In the '07-'08 season, Mats Sundin had to be traded. The Leafs were beginning to rebuild and they could’ve acquired a nice package that included a draft pick, a prospect, and a roster player heading to Toronto.
This would’ve been easy to do, but the only problem was that Mats Sundin had a no-trade clause.
Mats was asked to waive it, but he refused. He said he didn’t believe in rental players.
The Leafs failed to make the playoffs that season, and Mats Sundin went into questioning his active status in the NHL. Finally, he decided he wanted to return and play hockey, however, all Torontonians lost hope.
December came and Mats Sundin signed with the Vancouver Canucks.
So here we are. We have our two candidates, perhaps my summaries of their hockey careers were rather poor, but everyone knows who they are.
I could just make everyone vote, and then everyone would be happy with the final answer, but no.
Why? Steve Dangle seemed to explain it pretty well “Curtis Joseph leaves Toronto, he’s a villain. Mats Sundin doesn’t want to leave Toronto, he’s a villain.”
Who’s the villain in this case? The grand Leaf captain or the guy who scores on his own net.
In this case, both players left Toronto, but it’s how their departure influenced the team that counts.
Bryan McCabe didn’t leave the team for more money like Curtis Joseph. At the trade deadline, he didn’t want to leave, some people might’ve been mad with McCabe at the moment. During September he finally waived it, and yet some people were mad.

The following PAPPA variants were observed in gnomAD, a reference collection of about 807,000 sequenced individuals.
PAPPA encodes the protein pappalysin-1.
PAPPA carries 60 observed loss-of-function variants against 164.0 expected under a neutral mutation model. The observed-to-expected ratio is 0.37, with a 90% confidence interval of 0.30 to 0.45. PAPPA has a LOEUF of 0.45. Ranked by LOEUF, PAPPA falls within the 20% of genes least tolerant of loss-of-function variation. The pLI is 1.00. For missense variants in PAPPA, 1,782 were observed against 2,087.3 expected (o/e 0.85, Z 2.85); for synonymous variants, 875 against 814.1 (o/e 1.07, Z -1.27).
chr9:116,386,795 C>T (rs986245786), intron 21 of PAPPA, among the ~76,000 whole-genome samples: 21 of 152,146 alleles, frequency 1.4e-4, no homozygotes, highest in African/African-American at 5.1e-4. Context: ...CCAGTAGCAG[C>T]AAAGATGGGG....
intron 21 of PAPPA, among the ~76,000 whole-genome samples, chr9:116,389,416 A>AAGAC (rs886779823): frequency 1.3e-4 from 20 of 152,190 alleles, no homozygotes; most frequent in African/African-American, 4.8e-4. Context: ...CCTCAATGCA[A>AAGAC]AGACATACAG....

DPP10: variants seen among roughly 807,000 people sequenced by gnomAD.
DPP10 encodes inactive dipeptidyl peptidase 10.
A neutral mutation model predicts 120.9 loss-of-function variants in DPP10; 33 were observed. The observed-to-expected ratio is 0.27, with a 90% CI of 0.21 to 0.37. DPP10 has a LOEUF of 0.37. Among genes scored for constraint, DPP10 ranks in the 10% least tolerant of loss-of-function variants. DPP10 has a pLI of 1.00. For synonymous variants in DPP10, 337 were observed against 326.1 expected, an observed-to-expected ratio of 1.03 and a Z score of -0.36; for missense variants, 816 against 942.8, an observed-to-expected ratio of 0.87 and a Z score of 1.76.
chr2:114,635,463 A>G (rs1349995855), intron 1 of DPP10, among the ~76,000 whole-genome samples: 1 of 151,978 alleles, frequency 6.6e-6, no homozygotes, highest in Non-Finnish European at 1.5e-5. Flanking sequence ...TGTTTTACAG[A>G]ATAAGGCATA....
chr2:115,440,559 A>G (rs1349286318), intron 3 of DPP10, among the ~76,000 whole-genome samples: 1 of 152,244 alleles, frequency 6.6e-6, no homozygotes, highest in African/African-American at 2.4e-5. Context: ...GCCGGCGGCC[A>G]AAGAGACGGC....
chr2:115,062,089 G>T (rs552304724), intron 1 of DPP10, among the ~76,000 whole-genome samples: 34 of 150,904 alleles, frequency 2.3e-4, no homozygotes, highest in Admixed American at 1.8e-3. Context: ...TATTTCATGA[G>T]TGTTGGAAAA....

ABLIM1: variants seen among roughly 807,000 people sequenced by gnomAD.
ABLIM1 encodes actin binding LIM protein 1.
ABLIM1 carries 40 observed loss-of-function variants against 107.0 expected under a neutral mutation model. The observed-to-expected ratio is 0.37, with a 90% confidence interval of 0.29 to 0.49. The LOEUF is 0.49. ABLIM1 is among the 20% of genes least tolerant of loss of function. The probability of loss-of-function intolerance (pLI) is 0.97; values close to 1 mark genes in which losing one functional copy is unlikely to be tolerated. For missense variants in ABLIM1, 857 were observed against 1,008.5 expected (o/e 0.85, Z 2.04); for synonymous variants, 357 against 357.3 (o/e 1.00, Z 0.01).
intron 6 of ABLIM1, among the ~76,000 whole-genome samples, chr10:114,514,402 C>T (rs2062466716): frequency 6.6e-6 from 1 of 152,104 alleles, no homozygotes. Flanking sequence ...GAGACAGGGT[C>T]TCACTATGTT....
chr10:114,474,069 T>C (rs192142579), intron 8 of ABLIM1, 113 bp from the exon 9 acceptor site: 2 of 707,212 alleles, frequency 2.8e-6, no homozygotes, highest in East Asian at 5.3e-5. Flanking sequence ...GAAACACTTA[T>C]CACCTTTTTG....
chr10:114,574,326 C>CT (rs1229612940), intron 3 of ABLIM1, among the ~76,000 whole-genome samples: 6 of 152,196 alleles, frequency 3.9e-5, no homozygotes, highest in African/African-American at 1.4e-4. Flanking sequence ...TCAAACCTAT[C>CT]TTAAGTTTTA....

It’s between to choices, staying or going.
Bryan McCabe stays, everyone hates him.
Bryan McCabe goes, everyone still hates him.
Make up your mind people!
Maybe some people still don’t hate him, there was a picture of Bryan McCabe put up in the ACC in the game against Florida and people actually cheered. But let’s not forget that every time Bryan McCabe touched the puck, the booing started. Not a very nice way to treat a guy who left the team he loved so that he could help give them a future.
Now, let’s look at Mats Sundin.
I’m just going to start of by saying Mats Sundin was a rental player with the Leafs. Yes, all those 13 years he played with the Leafs, he was a rental player.
How so? When rental players are done being rented, they go off and sign with another team. Mats had to finish what he started. If he wanted to leave, he could’ve set up a trade with Cliff Fletcher at the moment.
He could’ve been traded to another team, and once the season ended there, he could sign with Vancouver or whoever he wanted and not be seen as a traitor.
Mats Sundin had lots of value in him, and the least he could’ve done was give us something to remember him with. It’s like a long war; at the end of the war, when your nation wins, you remember all the soldiers that gave up their lives for the best of the nation.
If Mats Sundin isn’t a soldier, then what is he?
Perhaps Mats thought he was going to retire at the end of the season, and didn’t expect to come back. In that case, when he did come back, Toronto obviously wouldn’t have been the right place for him. If Mats Sundin wasn’t expecting to come back, then why didn’t he waive his no-trade clause and get traded?!
Sundin could play until he was 50, or retire the next year, whatever he chose to do, the Leafs would be thankful for him waiving his no-trade clause. When the Leafs would’ve won the Stanley Cup, we’d all think “Mats was a big part of this.”
Feb. 21. That’s the day we’ll see what Toronto thinks. Will Mats be booed or cheered? We’ll have to wait to find out.